While HWL sought to rely on 6 grounds for the Appeal, ultimately the Appeal was allowed based on a finding that the primary judge had erred in concluding that there was evidence rising higher than speculation that Gateway was, although willing, able to pay the $3.5 million to Boyded in the event the Deed of Call Option was rescinded.

In finding that Gateway was able to pay in May / June 2020, the primary judge relied on evidence:

  • that Gateway was the owner of the land valued at $159 million; and
  • a summary of a balance sheet.

Despite the above however, Justice Harrison JA (with Bell CJ and Gleeson JA agreeing) found that, based on the material provided to the Court of Appeal, it was not reasonable to infer that Gateway had an ability to pay $3.5 million dollars. In reaching this conclusion, the Court of Appeal noted several gaps in the evidence adduced by Boyded meant that assertions regarding Gateway’s ability to pay were merely conjecture.

In particular, the Court of Appeal noted that Boyded should have led sufficient evidence from which Gateway’s ability to pay could be inferred. All three properties owned by Gateway were encumbered with mortgages, yet none of the mortgages or their terms were in evidence. The Gateway balance sheet only described the financial positions of two of the three relevant Gateway entities and did not include the most valuable entity. There was no evidence about the income of the companies. Consequently, the companies’ ability to pay $3.5 million was always dependent upon their capacity to refinance.

The Court of Appeal rejected the argument that the fact that Gateway had previously refinanced meant that it could do so again for a relatively small sum such as the one required in this instance. The Court of Appeal observed that the balance sheet tendered showed a deteriorating net equity position and suggested a diminishing capacity to refinance on the security of two of the properties.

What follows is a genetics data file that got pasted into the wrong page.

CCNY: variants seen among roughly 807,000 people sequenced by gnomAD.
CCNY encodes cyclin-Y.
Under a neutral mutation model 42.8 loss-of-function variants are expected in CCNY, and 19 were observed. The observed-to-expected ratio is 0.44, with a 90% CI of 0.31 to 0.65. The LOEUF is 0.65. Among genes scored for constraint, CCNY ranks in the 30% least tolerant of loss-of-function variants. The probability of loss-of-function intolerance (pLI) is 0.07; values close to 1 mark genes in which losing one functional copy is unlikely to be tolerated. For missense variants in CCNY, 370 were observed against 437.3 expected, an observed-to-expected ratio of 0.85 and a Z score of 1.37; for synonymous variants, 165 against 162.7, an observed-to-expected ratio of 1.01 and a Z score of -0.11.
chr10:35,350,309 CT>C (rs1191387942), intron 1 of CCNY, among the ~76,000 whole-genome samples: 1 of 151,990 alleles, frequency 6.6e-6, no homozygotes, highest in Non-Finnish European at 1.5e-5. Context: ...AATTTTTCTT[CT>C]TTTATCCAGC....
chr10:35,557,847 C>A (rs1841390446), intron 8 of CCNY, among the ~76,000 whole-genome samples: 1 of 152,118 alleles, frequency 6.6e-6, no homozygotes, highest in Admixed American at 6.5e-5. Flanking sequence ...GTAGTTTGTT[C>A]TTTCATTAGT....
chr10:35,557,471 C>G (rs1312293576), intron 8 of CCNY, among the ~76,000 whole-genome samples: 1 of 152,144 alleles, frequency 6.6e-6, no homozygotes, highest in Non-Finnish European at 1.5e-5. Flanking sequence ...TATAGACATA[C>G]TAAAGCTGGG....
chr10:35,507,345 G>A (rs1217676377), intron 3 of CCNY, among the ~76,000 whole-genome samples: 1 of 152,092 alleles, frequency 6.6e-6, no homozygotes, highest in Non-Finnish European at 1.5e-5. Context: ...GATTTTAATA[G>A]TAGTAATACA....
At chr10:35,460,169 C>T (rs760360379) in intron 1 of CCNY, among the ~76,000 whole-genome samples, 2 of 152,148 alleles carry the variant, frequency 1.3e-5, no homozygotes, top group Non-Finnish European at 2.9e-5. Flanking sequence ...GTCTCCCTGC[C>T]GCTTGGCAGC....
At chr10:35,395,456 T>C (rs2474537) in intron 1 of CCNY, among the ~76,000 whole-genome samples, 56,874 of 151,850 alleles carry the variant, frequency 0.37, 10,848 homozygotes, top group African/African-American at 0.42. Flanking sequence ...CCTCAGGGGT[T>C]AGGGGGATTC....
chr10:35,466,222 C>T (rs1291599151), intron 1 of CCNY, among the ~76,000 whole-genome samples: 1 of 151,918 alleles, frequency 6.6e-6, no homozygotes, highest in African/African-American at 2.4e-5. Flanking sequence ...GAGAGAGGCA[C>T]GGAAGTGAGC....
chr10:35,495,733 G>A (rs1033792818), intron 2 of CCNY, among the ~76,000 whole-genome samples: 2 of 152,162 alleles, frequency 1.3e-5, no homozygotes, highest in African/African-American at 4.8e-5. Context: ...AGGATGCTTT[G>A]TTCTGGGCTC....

After a review of other evidence on Gateway’s ownership of land, the Court of Appeal concluded that the mere ownership of valuable but mortgaged land does not reliably inform the availability of that inference.

The Court of Appeal therefore determined that the evidence did not support a finding on the balance of probabilities that Gateway or Mr Fayad had the ability to pay $3.5 million on May or June 2020. The Appeal was allowed and Boyded was ordered to pay HWL’s costs.

Implications for you

This matter demonstrates the importance in negligence cases of moving beyond breach of duty and assessing with care issues referrable to causation and the evidential burden faced by a plaintiff. That is particularly so in respect of the inferences which a court may make based on the objective evidence before the court to establish a counterfactual on the balance of probabilities, which must extend beyond mere speculation.

Bluth v Boyded Industries Pty Ltd [2024] NSWCA 67

Ask us how we can help

Receive our latest news, insights and events
Barry Nilsson acknowledges the traditional owners of the land on which we conduct our business, and pays respect to their Elders past, present and emerging.
Liability limited by a scheme approved under Professional Standards Legislation